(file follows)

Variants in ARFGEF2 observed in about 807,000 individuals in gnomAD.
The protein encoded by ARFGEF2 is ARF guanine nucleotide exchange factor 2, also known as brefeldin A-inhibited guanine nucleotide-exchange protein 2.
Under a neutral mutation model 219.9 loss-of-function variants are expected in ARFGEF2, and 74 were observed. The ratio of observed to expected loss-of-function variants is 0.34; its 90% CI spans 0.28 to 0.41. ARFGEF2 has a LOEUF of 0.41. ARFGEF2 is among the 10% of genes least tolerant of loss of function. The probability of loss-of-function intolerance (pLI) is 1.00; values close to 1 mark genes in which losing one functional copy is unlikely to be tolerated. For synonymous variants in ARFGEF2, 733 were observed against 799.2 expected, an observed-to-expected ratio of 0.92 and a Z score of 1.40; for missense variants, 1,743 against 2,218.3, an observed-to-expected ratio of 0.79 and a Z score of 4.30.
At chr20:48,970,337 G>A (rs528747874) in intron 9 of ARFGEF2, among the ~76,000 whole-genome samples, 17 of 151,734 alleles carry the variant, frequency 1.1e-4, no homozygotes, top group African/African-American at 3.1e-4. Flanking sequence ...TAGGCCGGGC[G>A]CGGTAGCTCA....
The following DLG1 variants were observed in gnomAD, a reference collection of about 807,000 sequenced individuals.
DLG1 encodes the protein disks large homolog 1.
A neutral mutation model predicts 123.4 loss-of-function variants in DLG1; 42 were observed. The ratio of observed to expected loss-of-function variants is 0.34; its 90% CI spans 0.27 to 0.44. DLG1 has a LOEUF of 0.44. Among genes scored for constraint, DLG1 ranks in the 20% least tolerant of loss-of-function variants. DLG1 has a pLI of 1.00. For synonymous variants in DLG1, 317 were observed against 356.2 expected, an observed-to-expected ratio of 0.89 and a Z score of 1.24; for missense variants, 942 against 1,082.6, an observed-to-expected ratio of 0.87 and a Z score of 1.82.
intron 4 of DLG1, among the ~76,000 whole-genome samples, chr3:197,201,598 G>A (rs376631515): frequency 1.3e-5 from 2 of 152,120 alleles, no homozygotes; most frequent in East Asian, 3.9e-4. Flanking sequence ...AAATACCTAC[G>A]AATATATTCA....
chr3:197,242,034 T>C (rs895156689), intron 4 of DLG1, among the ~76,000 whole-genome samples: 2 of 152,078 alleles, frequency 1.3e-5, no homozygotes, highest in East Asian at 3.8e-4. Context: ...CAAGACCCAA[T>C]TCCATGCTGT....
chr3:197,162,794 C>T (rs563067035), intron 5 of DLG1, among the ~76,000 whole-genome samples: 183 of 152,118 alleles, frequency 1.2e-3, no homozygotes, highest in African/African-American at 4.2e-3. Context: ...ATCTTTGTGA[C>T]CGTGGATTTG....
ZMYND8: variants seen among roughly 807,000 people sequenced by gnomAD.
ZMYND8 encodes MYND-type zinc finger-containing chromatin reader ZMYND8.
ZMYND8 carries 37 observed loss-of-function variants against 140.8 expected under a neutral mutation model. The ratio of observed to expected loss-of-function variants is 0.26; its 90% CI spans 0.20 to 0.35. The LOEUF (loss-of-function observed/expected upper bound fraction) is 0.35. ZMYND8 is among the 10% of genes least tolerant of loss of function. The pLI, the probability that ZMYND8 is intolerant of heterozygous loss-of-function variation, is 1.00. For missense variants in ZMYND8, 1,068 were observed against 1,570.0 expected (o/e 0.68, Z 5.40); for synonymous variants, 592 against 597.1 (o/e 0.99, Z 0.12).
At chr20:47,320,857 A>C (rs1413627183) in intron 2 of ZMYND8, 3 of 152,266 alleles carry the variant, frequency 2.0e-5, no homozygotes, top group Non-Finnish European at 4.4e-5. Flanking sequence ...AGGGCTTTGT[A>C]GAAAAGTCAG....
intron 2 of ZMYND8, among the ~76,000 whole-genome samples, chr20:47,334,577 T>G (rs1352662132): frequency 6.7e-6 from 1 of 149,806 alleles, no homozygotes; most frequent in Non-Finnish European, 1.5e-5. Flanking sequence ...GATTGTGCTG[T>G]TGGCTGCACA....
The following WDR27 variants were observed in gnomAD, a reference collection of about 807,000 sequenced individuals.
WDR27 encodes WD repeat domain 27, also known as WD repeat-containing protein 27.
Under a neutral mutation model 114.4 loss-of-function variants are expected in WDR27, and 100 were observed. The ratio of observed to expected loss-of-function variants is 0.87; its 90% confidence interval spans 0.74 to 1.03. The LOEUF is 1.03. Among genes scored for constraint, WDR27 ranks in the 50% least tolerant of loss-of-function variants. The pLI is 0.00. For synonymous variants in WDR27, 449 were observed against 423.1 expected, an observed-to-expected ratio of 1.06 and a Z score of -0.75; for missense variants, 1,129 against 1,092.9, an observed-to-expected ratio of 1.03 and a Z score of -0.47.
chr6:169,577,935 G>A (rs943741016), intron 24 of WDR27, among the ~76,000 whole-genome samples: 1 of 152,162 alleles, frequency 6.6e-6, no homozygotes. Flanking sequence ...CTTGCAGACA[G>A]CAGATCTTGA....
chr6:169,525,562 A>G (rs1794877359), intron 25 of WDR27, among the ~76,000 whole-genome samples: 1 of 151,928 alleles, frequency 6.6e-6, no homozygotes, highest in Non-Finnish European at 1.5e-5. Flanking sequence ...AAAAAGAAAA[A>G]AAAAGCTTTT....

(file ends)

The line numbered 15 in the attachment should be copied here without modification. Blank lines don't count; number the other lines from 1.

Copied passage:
intron 2 of ZMYND8, among the ~76,000 whole-genome samples, chr20:47,334,577 T>G (rs1352662132): frequency 6.7e-6 from 1 of 149,806 alleles, no homozygotes; most frequent in Non-Finnish European, 1.5e-5. Flanking sequence ...GATTGTGCTG[T>G]TGGCTGCACA....